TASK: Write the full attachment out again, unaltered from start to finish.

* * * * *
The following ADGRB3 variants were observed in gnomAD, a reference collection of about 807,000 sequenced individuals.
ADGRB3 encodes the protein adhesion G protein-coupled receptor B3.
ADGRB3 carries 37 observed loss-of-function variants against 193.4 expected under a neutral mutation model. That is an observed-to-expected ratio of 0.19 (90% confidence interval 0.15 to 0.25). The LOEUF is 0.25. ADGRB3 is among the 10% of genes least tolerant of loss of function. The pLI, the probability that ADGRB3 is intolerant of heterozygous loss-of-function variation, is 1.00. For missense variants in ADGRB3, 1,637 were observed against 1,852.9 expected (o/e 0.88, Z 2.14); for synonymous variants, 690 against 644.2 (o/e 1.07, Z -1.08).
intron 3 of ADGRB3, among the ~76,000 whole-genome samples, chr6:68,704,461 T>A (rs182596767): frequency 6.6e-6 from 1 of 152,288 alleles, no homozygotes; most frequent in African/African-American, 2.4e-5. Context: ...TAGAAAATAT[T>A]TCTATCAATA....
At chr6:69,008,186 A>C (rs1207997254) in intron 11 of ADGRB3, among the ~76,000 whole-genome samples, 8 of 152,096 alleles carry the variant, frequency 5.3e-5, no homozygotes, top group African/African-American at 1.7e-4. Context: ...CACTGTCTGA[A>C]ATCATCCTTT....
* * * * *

The following ADGRB3 variants were observed in gnomAD, a reference collection of about 807,000 sequenced individuals.
ADGRB3 encodes the protein adhesion G protein-coupled receptor B3.
ADGRB3 carries 37 observed loss-of-function variants against 193.4 expected under a neutral mutation model. That is an observed-to-expected ratio of 0.19 (90% confidence interval 0.15 to 0.25). The LOEUF is 0.25. ADGRB3 is among the 10% of genes least tolerant of loss of function. The pLI, the probability that ADGRB3 is intolerant of heterozygous loss-of-function variation, is 1.00. For missense variants in ADGRB3, 1,637 were observed against 1,852.9 expected (o/e 0.88, Z 2.14); for synonymous variants, 690 against 644.2 (o/e 1.07, Z -1.08).
intron 3 of ADGRB3, among the ~76,000 whole-genome samples, chr6:68,704,461 T>A (rs182596767): frequency 6.6e-6 from 1 of 152,288 alleles, no homozygotes; most frequent in African/African-American, 2.4e-5. Context: ...TAGAAAATAT[T>A]TCTATCAATA....
At chr6:69,008,186 A>C (rs1207997254) in intron 11 of ADGRB3, among the ~76,000 whole-genome samples, 8 of 152,096 alleles carry the variant, frequency 5.3e-5, no homozygotes, top group African/African-American at 1.7e-4. Context: ...CACTGTCTGA[A>C]ATCATCCTTT....